Management of Post Menstrual Syndromes: From Traditional Knowledge to Evidence-Based Medicine


  • M. Fawzi Mahomoodally Department of Health Sciences, Faculty of Science, University of Mauritius, Réduit, Mauritius



Plants were and are  still widely used for a number of pathologies affecting women health, particularly post menstrual syndromes (PMS). PMS refers to a diverse set of clinical symp­toms and nearly omnipresent in the woman of reproductive age and can impinge on women's interpersonal relationships, social behavior, work absenteeism, and work productivity [1]. In addition to conventional FDA approved drugs, a plethora of other selections are imperative to reflect on for women who prefer natural alternative and complementary therapies or for whom conventional remedies are contraindicated [2]. Indeed, prior to the introduction of modern therapy, a panoply of medicinal herbs such as Kacip Fatima, Vitex, Yam, Licorice, Alfalfa, Chamomile, Dong-Quai, Evening Primrose, Ginkgo, Water-Willow and Cohosh have been used predominantly to treat or relief PMS. Traditional Chinese medicine has been prescribing herbs and herbal formulas since time immemorial; for instance Angelica (Dang Gui) has been widely used by Chinese and Japanese women for centuries. It is well-known for regulating menstrual cycles, eliminating the discomfort of premenstrual syndromes, and relieving menstrual cramps. Medicinal plants thus tend to represent a safe alternative to current hormone or drug therapy used to manage PMS symptoms. Many of these herbals formulas were geared towards regulating hormonal cycle and some recently being reported to have estrogen and/or progesterone-like effects [3-5]. Other less popular herbs that have been used successfully to decrease nervous tension include passion-flower, valerian, oat-grass, lemon-balm and skull-cap [6]. One phytotherapeutic combination; dandelion root/leaf- Taraxum officinale, milk or blessed thistle- Cnicus benedictus, Vitex- Vitex agnus-castus, black or blue Cohosh- Cimcifuga racemosa and Caulophylum thalictroides, Dong-Quai - Angelica sinensis and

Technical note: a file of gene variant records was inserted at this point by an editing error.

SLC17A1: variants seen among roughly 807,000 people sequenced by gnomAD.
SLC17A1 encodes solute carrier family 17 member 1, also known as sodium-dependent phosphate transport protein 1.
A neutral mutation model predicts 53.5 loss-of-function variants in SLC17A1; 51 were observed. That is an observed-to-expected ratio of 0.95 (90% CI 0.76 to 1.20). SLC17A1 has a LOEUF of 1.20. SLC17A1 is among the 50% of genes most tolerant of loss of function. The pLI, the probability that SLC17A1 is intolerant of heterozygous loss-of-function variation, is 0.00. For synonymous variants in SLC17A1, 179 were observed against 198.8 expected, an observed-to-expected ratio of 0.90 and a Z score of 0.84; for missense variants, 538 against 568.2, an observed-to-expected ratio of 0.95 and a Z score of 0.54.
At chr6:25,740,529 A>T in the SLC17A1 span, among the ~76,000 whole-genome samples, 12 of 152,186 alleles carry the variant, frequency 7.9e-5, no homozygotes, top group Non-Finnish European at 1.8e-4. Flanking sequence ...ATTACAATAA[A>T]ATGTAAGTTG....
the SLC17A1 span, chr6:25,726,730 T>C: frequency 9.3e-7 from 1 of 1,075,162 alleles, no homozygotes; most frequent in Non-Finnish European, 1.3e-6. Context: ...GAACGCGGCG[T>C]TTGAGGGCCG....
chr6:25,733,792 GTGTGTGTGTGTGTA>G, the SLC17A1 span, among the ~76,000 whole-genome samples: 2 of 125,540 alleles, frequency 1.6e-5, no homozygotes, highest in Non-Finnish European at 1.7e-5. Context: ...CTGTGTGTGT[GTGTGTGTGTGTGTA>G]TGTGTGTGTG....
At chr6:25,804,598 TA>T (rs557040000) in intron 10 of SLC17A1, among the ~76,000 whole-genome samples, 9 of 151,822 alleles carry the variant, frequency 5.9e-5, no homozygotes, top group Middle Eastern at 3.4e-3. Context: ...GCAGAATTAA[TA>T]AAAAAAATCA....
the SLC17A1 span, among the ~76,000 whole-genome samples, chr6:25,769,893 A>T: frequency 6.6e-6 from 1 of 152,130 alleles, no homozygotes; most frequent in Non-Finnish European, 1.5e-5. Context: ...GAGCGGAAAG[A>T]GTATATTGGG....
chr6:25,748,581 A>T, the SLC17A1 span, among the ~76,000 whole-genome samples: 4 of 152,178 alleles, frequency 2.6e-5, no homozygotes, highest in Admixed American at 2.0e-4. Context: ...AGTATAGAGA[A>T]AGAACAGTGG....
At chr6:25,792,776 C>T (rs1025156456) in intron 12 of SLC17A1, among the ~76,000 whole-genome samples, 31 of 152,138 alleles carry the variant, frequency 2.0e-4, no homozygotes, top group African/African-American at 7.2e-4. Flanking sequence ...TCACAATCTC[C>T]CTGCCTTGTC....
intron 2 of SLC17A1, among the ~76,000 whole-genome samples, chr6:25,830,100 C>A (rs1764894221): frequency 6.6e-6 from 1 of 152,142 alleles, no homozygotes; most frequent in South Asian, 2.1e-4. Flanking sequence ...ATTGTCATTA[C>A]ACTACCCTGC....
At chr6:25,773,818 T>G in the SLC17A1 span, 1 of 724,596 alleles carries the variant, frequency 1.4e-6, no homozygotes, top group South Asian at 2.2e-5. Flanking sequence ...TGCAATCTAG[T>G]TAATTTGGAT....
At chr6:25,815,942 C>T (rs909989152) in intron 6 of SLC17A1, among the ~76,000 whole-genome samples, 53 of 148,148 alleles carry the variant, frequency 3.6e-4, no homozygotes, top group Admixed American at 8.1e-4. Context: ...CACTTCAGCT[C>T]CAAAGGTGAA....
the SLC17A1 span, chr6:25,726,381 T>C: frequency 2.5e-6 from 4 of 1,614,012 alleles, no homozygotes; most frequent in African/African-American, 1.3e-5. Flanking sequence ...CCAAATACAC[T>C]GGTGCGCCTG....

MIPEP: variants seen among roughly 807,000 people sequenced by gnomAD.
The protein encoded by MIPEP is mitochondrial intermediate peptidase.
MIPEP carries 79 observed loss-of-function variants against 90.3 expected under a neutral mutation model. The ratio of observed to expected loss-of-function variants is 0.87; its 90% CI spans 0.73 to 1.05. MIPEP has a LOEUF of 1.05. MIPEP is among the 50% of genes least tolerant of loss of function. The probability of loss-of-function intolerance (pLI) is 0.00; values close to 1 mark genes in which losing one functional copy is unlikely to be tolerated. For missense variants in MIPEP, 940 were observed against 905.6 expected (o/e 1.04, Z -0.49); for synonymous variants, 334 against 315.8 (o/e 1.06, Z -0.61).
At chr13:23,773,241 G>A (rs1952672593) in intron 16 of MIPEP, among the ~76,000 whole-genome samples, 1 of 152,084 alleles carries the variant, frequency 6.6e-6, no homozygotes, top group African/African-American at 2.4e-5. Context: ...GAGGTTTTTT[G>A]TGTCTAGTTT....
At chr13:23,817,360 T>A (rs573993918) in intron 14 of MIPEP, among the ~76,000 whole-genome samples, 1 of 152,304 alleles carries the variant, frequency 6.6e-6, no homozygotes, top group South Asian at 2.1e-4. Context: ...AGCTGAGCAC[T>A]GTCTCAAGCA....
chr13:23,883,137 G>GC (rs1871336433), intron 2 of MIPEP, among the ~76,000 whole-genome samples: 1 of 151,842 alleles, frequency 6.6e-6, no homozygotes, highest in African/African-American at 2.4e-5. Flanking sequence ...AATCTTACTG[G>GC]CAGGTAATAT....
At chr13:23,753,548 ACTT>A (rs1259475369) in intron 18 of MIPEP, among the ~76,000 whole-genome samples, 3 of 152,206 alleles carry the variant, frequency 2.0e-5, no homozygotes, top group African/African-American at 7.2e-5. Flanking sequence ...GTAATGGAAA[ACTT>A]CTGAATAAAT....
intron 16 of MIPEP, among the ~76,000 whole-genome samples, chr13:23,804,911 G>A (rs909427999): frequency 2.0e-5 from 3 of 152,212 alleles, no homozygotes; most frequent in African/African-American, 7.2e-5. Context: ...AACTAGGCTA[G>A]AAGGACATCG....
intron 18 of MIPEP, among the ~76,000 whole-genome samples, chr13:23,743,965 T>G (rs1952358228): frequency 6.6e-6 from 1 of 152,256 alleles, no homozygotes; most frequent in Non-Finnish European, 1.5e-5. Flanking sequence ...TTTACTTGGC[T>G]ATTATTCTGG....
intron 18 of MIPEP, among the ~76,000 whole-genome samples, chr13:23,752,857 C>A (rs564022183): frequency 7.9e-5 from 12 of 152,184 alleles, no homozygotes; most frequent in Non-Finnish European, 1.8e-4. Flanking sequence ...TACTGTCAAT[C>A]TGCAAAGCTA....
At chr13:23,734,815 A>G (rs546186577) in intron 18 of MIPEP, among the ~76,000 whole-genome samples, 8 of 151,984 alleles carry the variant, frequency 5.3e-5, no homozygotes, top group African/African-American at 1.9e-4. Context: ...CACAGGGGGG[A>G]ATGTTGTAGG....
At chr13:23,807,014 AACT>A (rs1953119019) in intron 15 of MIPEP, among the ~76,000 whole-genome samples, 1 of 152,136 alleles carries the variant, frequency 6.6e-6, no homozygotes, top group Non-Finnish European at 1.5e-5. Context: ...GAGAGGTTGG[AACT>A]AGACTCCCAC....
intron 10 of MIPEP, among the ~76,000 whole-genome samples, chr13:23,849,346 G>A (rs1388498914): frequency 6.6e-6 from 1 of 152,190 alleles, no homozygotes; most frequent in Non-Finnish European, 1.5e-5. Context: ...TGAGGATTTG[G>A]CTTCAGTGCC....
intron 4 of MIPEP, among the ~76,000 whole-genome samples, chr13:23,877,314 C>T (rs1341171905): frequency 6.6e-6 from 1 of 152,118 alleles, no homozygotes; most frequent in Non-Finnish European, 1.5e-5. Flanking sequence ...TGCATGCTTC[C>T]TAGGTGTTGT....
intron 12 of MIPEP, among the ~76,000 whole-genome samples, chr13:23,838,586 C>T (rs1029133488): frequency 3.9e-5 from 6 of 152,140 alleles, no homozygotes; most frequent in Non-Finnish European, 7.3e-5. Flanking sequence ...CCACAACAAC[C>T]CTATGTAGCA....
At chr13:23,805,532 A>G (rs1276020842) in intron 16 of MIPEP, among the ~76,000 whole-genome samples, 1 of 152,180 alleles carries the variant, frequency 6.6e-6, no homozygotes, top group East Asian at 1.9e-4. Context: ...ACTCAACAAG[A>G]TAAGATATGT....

wild-Yam - Dioscorea villosa, is prescribed by phytotherapists and/or traditional healers as a polyherbal tea (1 tsp. of the herbal formula, one part each, in 1 cup of boiling water thrice daily) or in tincture (1/2 tsp. 3 to 4 times daily). However, Vitex also known as chaste tree berry, has attracted much consideration and comprehensively tested in randomized controlled trials; [1, 7-8] and reported to exhibit dopaminic agonist, inhibiting prolactin and increasing estrogen secretions and its flavonoids ligands to benzodiazepine receptors- thereby depicting antidepressant and anxiolytic properties [1]. Chaste berry fruit extract has also been shown to correct prolactin levels in latent hyperprolactinaemia via dopamine receptors. Vitex formulation (Agnolyt®) has been reported to be superior to pyridoxine in reducing premenstrual tension, whereas Femicur® (dried extract of Vitex) decreased and/or ceased mastalgia, associated to PMS; both tested in randomized controlled clinical trials [7, 8]. Nonetheless, many of the above-mentioned mono or poly-phytotherapeutic combinations are not recommended during pregnancy and possible hormonal effects through breast milk (some via prolactin inhibition) [3]. Additionally, extensive and scientific-based clinical research into the use of herbal therapies for premenstrual disorders, specifically in adolescents is unfortunately sparse. To this effect, phytotherapies for PMS can be given due consideration provided they are prescribed by trained professionals following rigorous high-quality clinical testing and with optimal dosing standards but avoided concurrently with conventional medications. Additionally, it is believed that it is of uttermost importance for medical practitioners to be aware of such herbal therapies and any innate potential drug-herb interactions and/or side effects in an endeavor to offer alternatives to women.


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How to Cite

Mahomoodally, M. F. (2013). Management of Post Menstrual Syndromes: From Traditional Knowledge to Evidence-Based Medicine. International Journal of Biotechnology for Wellness Industries, 1(4), 222–223.